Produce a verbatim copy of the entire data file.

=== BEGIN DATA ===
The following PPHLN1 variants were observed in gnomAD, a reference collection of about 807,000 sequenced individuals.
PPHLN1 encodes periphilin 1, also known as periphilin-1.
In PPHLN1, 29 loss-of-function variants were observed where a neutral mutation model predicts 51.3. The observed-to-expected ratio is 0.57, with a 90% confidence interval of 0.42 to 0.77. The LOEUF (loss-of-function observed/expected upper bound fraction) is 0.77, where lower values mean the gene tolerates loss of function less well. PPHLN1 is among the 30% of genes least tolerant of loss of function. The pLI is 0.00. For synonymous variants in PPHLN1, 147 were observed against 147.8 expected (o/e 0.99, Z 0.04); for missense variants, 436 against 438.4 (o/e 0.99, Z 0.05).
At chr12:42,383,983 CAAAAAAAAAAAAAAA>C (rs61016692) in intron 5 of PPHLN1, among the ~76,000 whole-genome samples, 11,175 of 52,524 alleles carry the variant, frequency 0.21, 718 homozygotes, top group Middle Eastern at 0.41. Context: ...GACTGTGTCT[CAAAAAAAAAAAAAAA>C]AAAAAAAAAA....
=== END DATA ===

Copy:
The following PPHLN1 variants were observed in gnomAD, a reference collection of about 807,000 sequenced individuals.
PPHLN1 encodes periphilin 1, also known as periphilin-1.
In PPHLN1, 29 loss-of-function variants were observed where a neutral mutation model predicts 51.3. The observed-to-expected ratio is 0.57, with a 90% confidence interval of 0.42 to 0.77. The LOEUF (loss-of-function observed/expected upper bound fraction) is 0.77, where lower values mean the gene tolerates loss of function less well. PPHLN1 is among the 30% of genes least tolerant of loss of function. The pLI is 0.00. For synonymous variants in PPHLN1, 147 were observed against 147.8 expected (o/e 0.99, Z 0.04); for missense variants, 436 against 438.4 (o/e 0.99, Z 0.05).
At chr12:42,383,983 CAAAAAAAAAAAAAAA>C (rs61016692) in intron 5 of PPHLN1, among the ~76,000 whole-genome samples, 11,175 of 52,524 alleles carry the variant, frequency 0.21, 718 homozygotes, top group Middle Eastern at 0.41. Context: ...GACTGTGTCT[CAAAAAAAAAAAAAAA>C]AAAAAAAAAA....